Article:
Wednesday, April 06, 2011

Day 25 of Lent :: Suffering Servant

Christ is to us just what his cross is. 

All that Christ was in heaven or 
on earth was put into what he did there . . .
Christ, I repeat, is to us just what his cross is. 

You do not understand Christ 
till you understand his cross.

(P. T. Forsyth)

Jesus came to bring redemption and forgiveness of sins? But, why did Jesus suffer? In the Old Testament, a lamb was offered as a sacrifice for sin. Jesus was the ultimate Lamb of God, slain for the sins of the whole world (see John 1:36, 1 Peter 1:19, Revelation 5:12, 13:8). Throughout the Old Testament, a lamb was never beaten or mistreated in any way. A quick cut to the throat, the blood flowed on the altar and forgiveness was acquired. So, why did Jesus suffer? Wouldn’t His blood have been enough?
The writer of the New Testament book of Hebrews tell us that,

“We do not have a High Priest
who cannot sympathize with our weaknesses,
but was in all points tempted as we are,
yet without sin.”
(Hebrews 4:15)

Jesus offers more than forgiveness, He offers understanding. He knows what it’s like to be tempted every way. He experienced injustice and abuse. His friends betrayed Him. He was spit at, mocked, stripped naked, beaten, and raised on a stake as an act of humiliation before the masses. Jesus knows pain. He’s not aloof to human suffering, He’s been there. Why was Jesus beaten? To join us.  Why was He abused? To join us. Why did Jesus suffer? Because, we all in one way or another have suffered.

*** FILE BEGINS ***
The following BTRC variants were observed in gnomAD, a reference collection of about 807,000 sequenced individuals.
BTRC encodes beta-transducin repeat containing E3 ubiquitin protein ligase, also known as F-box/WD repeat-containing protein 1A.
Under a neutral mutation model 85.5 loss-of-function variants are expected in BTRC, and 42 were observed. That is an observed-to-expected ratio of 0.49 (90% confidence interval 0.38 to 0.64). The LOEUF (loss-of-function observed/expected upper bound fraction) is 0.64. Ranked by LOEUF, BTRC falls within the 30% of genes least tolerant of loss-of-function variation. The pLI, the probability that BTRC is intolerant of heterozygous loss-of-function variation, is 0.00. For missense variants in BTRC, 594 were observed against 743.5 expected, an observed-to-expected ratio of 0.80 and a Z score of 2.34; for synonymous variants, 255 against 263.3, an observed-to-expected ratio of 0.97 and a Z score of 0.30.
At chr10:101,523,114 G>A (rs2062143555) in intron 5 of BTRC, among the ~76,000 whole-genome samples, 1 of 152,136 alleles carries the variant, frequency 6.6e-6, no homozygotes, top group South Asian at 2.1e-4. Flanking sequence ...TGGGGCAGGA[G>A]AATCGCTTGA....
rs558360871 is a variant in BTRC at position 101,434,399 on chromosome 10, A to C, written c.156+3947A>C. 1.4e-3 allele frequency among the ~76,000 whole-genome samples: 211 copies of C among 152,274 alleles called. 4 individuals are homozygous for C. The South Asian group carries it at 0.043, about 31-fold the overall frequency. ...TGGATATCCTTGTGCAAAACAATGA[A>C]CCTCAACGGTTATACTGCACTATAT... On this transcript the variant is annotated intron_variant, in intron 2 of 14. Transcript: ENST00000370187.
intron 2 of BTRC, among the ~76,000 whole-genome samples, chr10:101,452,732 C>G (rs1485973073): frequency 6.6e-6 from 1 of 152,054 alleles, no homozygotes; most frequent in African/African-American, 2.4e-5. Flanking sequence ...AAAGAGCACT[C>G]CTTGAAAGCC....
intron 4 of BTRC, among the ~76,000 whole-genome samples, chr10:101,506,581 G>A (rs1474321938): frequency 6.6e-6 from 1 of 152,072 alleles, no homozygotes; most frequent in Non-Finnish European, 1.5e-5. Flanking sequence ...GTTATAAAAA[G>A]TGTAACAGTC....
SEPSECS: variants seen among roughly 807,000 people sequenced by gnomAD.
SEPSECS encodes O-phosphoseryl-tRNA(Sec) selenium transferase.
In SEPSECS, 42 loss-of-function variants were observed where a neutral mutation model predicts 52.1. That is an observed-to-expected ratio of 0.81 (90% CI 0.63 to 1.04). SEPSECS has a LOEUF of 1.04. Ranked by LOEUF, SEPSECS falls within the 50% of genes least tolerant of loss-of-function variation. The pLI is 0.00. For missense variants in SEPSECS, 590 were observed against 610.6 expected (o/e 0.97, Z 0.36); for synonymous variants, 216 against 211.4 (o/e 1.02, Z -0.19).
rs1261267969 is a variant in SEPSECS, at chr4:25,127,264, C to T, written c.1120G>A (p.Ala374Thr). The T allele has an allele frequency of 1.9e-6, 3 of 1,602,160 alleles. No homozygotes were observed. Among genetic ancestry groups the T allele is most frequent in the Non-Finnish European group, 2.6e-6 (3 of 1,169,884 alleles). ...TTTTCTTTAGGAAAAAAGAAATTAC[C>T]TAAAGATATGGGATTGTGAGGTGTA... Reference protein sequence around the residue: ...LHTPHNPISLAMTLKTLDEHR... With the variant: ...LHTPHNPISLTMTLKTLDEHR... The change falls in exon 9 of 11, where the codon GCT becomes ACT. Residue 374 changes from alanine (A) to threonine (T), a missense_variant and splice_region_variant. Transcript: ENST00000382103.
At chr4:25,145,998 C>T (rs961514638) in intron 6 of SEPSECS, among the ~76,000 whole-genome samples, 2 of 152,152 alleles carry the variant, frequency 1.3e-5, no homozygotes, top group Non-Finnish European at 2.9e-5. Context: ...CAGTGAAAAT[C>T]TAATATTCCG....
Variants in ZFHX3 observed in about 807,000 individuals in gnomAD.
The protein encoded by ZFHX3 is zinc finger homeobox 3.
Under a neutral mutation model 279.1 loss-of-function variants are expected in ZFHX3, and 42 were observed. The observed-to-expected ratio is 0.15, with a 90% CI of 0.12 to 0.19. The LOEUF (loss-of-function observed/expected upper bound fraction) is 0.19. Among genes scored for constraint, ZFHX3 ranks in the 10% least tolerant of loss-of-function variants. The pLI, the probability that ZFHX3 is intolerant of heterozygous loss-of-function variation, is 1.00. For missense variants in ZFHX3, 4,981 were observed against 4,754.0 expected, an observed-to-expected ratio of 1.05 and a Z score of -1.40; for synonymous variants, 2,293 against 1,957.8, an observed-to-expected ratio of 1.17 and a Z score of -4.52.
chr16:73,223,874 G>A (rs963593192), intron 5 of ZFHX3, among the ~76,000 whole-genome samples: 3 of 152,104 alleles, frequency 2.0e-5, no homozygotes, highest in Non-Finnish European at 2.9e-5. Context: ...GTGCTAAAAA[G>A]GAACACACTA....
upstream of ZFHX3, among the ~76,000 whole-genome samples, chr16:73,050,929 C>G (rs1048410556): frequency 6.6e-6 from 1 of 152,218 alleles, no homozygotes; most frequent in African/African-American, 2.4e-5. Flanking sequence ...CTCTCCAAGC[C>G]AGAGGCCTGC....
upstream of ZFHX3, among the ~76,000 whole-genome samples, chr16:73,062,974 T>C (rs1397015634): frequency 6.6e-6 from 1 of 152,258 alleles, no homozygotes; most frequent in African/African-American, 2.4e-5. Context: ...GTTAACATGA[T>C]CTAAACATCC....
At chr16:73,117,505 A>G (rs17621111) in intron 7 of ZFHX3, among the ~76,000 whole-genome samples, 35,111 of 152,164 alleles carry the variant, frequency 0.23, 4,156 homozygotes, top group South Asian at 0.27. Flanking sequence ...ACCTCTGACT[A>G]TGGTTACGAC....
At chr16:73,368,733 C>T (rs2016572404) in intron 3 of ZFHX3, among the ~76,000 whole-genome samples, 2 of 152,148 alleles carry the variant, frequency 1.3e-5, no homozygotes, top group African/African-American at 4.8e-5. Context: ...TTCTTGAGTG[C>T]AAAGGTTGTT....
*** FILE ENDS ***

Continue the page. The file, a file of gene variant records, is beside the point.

Reflection: After informing us that Jesus has experienced what we have, the writer of Hebrews encourages us to,

“Then approach God’s throne of grace with confidence, 

so that we may receive mercy and find grace to help us 
in our time of need.”

(Hebrews 4:16)

How does it make you feel that Jesus can sympathize with your own weakness, sin and suffering?

Of all the pains that lead to salvation this is the most pain, to see thy Love suffer.
How might any pain be more to me than to see Him that is all my life,
all my bliss, and all my joy suffer?

(Julian of Norwich)

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